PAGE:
Whether you call them Unmanned Aerial Vehicles (UAVs) or Flying Mini Robots, you may have noticed that drones have been flying high of late. They go where many cannot reach or where manned flight is inefficient and risky, and they’re proving to be very powerful business tools, not to mention invaluable assets to the public sector.
If we look beyond the insect-like toys buzzing around in parks, the drone industry is evolving at an exponential rate. From revealing unknown monuments in the desert near Petra to herding elephants in Tanzania, the sheer breadth of their potential is astonishing.
To name just a few industries and the tasks a drone could perform: military investigation, fire assessment, police work, cinematography, hurricane research, search and rescue, agriculture, education, construction, and insurance.
The pandemic has also caused the public sector to make more of the technology. At the end of last year, the Government announced a fund of £33m for ground-breaking aviation projects, and that drones fighting fires and delivering COVID-19 supplies would be among the first to feel the benefit.
20 proposals have been backed, with many more to follow, as the UK Government steps up its efforts in harnessing technology to tackle some of the major global challenges.
Projects include APIAN Limited, who is developing a drone to deliver COVID-19 blood and swab tests between NHS hospitals and labs. Windracers Distributed Avionics, who specialise in ‘swarming technology’, which allows multiple drones to work in unison and provide humanitarian aid or fight fires. And Dock-to-Dock, a goods distribution company, that uses hydrogen powered aircrafts to deliver supplies between Bristol and Cardiff.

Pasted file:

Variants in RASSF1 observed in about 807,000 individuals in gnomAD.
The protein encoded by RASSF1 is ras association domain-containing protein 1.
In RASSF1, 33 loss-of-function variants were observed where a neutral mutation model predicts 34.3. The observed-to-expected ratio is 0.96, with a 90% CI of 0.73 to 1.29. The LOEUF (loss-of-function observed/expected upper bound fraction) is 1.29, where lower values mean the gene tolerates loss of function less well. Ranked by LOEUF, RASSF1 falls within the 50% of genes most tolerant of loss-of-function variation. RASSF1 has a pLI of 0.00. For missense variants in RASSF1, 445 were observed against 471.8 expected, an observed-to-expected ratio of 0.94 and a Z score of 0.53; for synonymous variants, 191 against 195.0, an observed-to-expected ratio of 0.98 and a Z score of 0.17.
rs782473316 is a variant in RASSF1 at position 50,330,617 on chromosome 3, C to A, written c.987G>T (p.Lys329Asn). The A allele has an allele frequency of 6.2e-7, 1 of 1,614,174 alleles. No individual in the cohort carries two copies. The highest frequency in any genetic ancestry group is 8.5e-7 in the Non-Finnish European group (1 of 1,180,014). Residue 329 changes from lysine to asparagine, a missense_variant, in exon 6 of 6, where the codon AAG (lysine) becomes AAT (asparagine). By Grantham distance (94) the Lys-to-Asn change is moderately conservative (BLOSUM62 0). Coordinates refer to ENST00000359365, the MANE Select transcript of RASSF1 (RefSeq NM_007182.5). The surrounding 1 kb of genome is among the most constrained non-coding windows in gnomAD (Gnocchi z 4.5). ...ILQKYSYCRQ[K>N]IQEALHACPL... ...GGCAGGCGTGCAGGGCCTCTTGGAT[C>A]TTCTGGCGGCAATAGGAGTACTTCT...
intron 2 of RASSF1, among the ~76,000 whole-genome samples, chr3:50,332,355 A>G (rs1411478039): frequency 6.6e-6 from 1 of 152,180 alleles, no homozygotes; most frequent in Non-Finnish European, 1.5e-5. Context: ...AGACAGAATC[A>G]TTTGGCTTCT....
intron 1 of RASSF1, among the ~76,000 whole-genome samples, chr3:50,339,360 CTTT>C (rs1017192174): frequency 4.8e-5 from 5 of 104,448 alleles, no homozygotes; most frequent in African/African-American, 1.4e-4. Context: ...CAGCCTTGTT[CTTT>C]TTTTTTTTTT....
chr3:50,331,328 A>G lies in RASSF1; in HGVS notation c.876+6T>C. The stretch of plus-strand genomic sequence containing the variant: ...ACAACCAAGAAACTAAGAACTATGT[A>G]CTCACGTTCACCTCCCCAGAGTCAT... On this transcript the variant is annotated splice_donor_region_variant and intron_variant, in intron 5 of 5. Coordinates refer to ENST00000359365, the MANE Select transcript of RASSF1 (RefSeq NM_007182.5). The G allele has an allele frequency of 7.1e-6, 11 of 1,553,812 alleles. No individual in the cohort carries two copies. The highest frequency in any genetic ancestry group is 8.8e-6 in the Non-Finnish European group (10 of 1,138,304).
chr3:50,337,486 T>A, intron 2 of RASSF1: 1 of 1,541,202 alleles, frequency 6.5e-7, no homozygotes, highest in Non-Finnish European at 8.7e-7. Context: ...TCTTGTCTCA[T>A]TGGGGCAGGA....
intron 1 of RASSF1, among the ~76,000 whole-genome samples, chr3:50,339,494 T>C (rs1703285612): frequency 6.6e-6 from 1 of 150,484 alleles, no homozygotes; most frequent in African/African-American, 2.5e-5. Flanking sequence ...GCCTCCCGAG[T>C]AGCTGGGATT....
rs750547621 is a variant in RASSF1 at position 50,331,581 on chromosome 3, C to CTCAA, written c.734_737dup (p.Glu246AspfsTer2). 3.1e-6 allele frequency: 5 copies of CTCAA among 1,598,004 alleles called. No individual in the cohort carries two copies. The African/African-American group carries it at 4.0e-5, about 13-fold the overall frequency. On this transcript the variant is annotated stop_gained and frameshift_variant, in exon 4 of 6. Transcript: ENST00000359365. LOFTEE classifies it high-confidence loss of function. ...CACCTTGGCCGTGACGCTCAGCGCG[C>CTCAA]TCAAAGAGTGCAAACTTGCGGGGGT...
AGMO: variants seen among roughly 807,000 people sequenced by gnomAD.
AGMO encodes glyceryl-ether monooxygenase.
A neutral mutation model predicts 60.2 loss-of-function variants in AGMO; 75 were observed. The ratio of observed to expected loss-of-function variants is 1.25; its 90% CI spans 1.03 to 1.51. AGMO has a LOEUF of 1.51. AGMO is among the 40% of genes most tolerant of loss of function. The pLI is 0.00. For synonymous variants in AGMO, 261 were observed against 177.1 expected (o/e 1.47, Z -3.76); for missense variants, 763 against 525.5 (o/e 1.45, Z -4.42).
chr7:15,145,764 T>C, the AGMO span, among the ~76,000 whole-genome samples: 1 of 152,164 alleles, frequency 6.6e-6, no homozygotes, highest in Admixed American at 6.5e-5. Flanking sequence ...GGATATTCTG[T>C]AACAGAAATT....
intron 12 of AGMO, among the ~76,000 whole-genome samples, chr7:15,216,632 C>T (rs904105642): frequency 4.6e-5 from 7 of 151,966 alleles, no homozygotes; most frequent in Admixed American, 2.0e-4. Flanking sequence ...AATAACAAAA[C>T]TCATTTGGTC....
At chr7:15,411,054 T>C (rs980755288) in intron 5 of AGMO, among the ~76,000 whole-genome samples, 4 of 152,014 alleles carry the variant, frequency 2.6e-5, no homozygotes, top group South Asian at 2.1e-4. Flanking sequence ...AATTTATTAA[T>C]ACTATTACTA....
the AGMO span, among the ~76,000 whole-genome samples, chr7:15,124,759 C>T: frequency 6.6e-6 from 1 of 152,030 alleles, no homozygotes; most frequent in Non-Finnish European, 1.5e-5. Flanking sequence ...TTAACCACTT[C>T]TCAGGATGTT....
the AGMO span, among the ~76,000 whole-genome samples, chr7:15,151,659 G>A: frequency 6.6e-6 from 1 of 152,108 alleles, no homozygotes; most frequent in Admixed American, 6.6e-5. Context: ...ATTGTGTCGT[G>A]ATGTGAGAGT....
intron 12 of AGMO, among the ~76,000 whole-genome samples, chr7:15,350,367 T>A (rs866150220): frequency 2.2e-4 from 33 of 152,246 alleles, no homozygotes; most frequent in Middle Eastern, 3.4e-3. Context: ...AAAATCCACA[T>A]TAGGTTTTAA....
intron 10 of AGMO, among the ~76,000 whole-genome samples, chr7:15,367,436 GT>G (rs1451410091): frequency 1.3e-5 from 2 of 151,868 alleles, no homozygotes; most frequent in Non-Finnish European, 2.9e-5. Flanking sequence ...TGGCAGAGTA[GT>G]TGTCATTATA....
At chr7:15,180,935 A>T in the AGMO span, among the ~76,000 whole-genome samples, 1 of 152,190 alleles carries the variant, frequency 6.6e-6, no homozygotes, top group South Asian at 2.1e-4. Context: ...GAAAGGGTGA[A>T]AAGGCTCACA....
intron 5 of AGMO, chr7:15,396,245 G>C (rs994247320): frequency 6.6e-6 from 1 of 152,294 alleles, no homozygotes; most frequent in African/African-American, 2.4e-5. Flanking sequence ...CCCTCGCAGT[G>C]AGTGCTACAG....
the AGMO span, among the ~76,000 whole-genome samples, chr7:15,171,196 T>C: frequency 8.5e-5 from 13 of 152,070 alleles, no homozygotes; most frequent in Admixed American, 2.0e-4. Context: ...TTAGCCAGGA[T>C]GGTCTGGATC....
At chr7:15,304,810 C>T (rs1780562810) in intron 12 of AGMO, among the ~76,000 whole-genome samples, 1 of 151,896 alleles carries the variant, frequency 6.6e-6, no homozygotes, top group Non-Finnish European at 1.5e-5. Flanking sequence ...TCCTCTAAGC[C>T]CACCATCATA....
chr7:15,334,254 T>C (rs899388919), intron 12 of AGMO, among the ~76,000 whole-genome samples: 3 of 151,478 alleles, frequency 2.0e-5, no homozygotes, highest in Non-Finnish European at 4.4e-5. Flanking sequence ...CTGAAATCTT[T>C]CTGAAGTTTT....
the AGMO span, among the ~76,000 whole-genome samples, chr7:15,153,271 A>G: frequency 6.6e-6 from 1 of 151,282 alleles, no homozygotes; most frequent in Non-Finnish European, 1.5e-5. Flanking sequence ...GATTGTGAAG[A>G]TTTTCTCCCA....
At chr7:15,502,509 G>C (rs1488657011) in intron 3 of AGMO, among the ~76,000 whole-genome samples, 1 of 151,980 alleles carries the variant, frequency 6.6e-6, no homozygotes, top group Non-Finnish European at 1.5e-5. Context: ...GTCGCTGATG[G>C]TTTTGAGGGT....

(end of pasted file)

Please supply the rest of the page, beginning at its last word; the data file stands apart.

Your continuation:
However, while commercial drones are saving the day, recreational bots are causing a bit of a nuisance. In the past five months alone, our Police has reported 336 drone-related crimes. The Home Office, Police and UK Civil Aviation Authority (CAA) have now joined forces in a bid to ground those pilots breaking the law.
Operation Foreverwing will both raise awareness of the rules on the CAA website and clamp down on those breaking them. According to CAA, there are now 200,000 registered drones in the sky, and this joint initiative is there to make sure everyone shares our airspace safely.
Putting a strong emphasis on health and safety, then, will be essential. Drone pilots may have to undergo training and ensure that they are aware of the current laws in their area.
Restricted airspaces and the maintenance of drones for airworthiness will also be important factors.
And with so many sectors looking to enter the world of drones, insurance policies will have to cover a wide range of risks. These will include cyber-attack, loss of data, theft, public liability, multi-pilot flying and higher risk flight paths. It’s likely that new risks will keep emerging, and that lessons will be learnt.
If we can manage the risks and keep on top of this high-flying technology, the sky really is the limit for what drones can help us achieve.
Published date: 14th April 2021
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